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sex

‘Surviving R. Kelly’ Documentary on Lifetime Details Sex Abuse Accusations

R. Kelly has consistently denied allegations of sexual misconduct with women and young teenagers, even as he has settled lawsuits.CreditCreditScott Legato/Getty Imagesption
5 minute read. 

For more than two decades, the R&B singer Robert Kelly, who performs as R. Kelly, has faced accusations of sexual misconduct and abuse.

This week, a six-part documentary on Lifetime is taking an expansive look at the allegations against Mr. Kelly, a chart-topping artist whose history has invited extra scrutiny in recent years.

The series, “Surviving R. Kelly,” includes testimony from several women who accuse the singer of abuse, as well as commentary from Mr. Kelly’s critics, including the founder of the #MeToo movement, Tarana Burke, and the singer John Legend.

The six episodes, each an hour long, cover the long history of allegations against Mr. Kelly. They feature women who described being controlled or abused by him, often when they were teenagers, as well as associates and relatives of the singer.

Mr. Kelly has continuously denied the allegations against him.

The documentary has become the subject of widespread attention and fierce debate on social media, with many expressing gratitude to the women who continue to tell their stories.

“I wish that he would experience a kind of social death, and that people who still vociferously declare him innocent — or their favorite artist, or worthy of having his work separated from who he is — that they are denied that,” said dream hampton, an executive producer of the documentary.

The six parts of the series were scheduled over three days of broadcast, from Thursday through Saturday. The third and fourth episodes focused on Mr. Kelly’s 2008 child pornography trial and the sex tape at its center. The fifth and sixth episodes examine more recent allegations and follow parents who were trying to free their daughters from Mr. Kelly’s influence, Ms. hampton said.

While some fans of Mr. Kelly still defend him, many critics say that he has escaped the consequences of his actions for far too long.

“No one cared because we were black girls,” the writer Mikki Kendall said in the documentary.

[Here is a timeline of the accusations against Mr. Kelly.]

Ms. hampton agreed that race was an integral part of this story. She added that black boys and girls in the United States are often perceived as older than they are, and referenced Tamir Rice, a 12-year-old boy who was shot and killed by a police officer in Cleveland in 2014.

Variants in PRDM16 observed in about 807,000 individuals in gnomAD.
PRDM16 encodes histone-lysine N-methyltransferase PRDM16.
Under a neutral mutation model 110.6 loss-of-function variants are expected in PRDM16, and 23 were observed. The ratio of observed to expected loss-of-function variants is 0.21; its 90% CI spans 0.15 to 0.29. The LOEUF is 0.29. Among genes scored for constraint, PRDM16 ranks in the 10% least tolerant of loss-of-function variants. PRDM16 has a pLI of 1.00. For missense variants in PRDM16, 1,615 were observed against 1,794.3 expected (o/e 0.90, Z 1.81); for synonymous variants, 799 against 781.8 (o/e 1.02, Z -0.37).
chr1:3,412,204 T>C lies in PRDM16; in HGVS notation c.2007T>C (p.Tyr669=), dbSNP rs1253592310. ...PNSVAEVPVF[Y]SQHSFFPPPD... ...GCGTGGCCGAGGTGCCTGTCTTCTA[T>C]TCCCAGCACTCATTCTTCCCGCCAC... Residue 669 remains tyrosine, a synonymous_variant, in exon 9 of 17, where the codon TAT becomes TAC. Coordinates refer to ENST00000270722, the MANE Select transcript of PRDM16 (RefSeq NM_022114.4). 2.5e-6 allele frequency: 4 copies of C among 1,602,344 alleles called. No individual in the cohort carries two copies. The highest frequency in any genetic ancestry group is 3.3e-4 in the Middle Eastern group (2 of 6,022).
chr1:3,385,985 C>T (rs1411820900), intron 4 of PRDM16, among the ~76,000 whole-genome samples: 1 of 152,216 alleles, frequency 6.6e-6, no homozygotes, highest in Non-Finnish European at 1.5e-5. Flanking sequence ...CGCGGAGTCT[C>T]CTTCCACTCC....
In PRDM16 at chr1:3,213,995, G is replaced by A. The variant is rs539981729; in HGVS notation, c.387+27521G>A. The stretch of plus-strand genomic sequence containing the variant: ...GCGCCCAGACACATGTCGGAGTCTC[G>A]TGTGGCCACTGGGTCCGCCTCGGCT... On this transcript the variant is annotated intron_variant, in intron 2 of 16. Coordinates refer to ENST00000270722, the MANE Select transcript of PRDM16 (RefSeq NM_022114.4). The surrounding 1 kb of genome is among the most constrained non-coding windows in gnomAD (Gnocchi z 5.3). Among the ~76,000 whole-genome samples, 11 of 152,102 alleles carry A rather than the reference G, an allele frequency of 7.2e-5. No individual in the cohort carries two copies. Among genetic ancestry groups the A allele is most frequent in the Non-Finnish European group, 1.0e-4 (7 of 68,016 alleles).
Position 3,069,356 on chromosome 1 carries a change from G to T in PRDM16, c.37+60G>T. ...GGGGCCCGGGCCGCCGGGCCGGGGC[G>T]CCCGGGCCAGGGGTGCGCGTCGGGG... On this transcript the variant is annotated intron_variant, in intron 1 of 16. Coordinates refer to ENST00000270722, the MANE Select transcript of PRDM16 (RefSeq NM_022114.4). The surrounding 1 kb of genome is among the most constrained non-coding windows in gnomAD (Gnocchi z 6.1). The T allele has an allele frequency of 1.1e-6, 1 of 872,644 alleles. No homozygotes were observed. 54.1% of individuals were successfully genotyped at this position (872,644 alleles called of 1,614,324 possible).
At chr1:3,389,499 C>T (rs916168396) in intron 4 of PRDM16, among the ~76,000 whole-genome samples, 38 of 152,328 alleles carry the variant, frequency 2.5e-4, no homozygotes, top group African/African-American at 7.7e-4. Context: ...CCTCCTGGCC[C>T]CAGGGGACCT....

“We know black boys are perceived to be older than they are by police, and we absolutely do an equivalent thing to black girls,” Ms. hampton said in an interview Friday. “We perceive them to be more sexual at an early age. We perceive them to be older. And that is rooted — there is no other way to say it, and it’s not hyperbole to say — it’s absolutely rooted in this country’s history of slavery, which has gone on longer than it hasn’t.”

Mr. Kelly was still featured as an artist on the RCA website on Saturday. The label did not immediately respond to a request for comment, and a representative for Sony Music, which oversees RCA Records, declined to comment. Mr. Kelly’s management also declined to comment.

His team has previously said it would “vigorously resist this attempted public lynching of a black man who has made extraordinary contributions to our culture.” Mr. Kelly is not currently facing criminal charges.

In 1994, when Mr. Kelly was 27, he married Aaliyah Haughton, who was 15 but was listed as 18 on a wedding certificate, according to Vibe Magazine. The marriage was annulled in 1995. Ms. Haughton, who was a popular singer in her own right, died in a plane crash in 2001.

Mr. Kelly was accused of having sex with a teenager in a lawsuit in 1996, and again in 2001. Both lawsuits were settled, but the music critic Jim DeRogatis, who reported on them, continued to investigate the accusations against Mr. Kelly.

The singer Aaliyah, seen here in 2000, was reportedly married to Mr. Kelly in 1994, when he was 27 and she was 15.CreditGeorge De Sota/Liaison, via Hulton Archive

[Here is a New York Times Popcast interview with Mr. DeRogatis.]

In the documentary, people who knew R. Kelly claim that during the 1990s and 2000s, associates of the famous singer knew that he liked to prey on underage girls.

In 2002, a video that appeared to show Mr. Kelly having sex with a teenage girl and urinating in her mouth was sent to Mr. DeRogatis at The Chicago Sun-Times, which reported that the footage was being investigated by the Chicago police.

Later that year, Mr. Kelly was indicted by a grand jury in Chicago for child pornography. He pleaded not guilty, and for more than five years his case did not make it to trial. During that time he released albums including “Chocolate Factory,” which contained the chart-topping song “Ignition (Remix).”

Arguments in the 2008 trial centered on whether the man shown in the video was indeed Mr. Kelly, and whether the girl’s identity or her age could be verified. The jury decided that the girl, who did not testify, could not be identified, and Mr. Kelly was found not guilty.

In the documentary, one juror was asked about the women who had said, during the trial, that they also were victimized by Mr. Kelly when they were young. “I just didn’t believe them, the women,” the juror answered. “I know it sounds ridiculous. The way they dress, the way they act — I didn’t like them.”